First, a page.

kumiko jig set

Step by Step guide to make a kumiko jig

Welcome to our guide on how to make a Kumiko jig. If you aren’t familiar, Kumiko is a traditional Japanese woodworking technique. It involves creating geometric patterns from thin strips of wood which are then used for decorations like latticework and shoji screens. To practice Kumiko, you need a Kumiko Jig and this guide will tell you all you need to know about making your own.

What are Kumiko Jigs?

Kumiko jigs are specialized tools used to practice Kumiko. They assist Kumiko artists in making precise cuts by guiding the placement of the wood. Think of Kumiko jigs as guide blocks; they hold the wood in place so the woodworker can carry out intricate cuts. They are also shaped to provide equal and uniform measurements for each cut of wood. The Jigs make small cuts that may be difficult to achieve with a saw or chisel. This is perfect for making smaller wood objects like small furniture, decorations, and wood bow ties

Components of a Kumiko Jig

So here’s a little truth bomb for you: Kumiko jigs are a bit difficult to make. There are many parts of the jig which need to be crafted to perfection for the tool to be effective. Each part more or less contributes to making the process more precise and even a small error will affect the functionality of the jig. Let’s break it down:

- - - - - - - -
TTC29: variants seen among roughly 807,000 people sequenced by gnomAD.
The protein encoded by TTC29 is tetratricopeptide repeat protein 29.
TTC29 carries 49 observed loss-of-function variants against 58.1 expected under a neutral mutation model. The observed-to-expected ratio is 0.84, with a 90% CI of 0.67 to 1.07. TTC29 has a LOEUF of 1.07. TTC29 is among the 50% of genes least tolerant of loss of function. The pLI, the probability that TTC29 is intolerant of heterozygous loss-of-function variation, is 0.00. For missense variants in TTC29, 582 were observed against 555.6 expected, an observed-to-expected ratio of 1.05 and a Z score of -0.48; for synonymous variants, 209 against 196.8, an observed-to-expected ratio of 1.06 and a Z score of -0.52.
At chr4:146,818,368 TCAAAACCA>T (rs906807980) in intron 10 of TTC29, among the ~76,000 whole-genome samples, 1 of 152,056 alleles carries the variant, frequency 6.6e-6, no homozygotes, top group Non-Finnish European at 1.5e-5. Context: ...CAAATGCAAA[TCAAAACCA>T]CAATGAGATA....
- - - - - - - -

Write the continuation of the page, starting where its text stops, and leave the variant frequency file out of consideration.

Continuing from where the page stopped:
The base is the foundation of the jig. It provides stability to the entire structure and is made of durable materials like wood or metal. Wood kumiko jigs are usually made with sturdy hardwood species to provide the tool with the required durability.  


The fence of a Kumiko jig helps align and hold the wood in place during work. They help guide the woodworker to making consistent cuts and they are adjustable to accommodate different designs and patterns.

kumiko jig
Image Source: Etsy.com – ProWoodUkraine


The stop serves a similar function to the fence; it helps ensure uniform and precise cuts. However, while the fence helps align the wood, the stop controls the depth of the cuts you make. Stops are also adjustable and are crucial in making intricate patterns on the wood.


The guide or sled is the channel where the cutting tool is placed. This channel is flat and provides a designated path for the chisel or saw to follow. They help eliminate worries of uneven or butchered cuts.

Best Wood For Making Kumiko Jigs

Kumiko was originally practiced using Japanese Cedarwood. But we don’t all live in Japan and who wants to deal with importation prices? So, let’s talk about alternatives. Kumiko jig wood needs to be sturdy and durable to withstand repeated use. Japanese cedar is known for having this quality so it’s only right their alternative should be a hardwood specie. Here are some popular wood used in Kumiko jig making:


Maple is known for its strength and durability, making it an excellent choice for jig construction. It is also relatively resistant to warping and has a smooth surface that facilitates easy movement of workpieces.


Beech is another hardwood commonly used in Kumiko jig construction. It has good structural integrity and is known for its resistance to wear and tear, making it suitable for long-lasting jigs.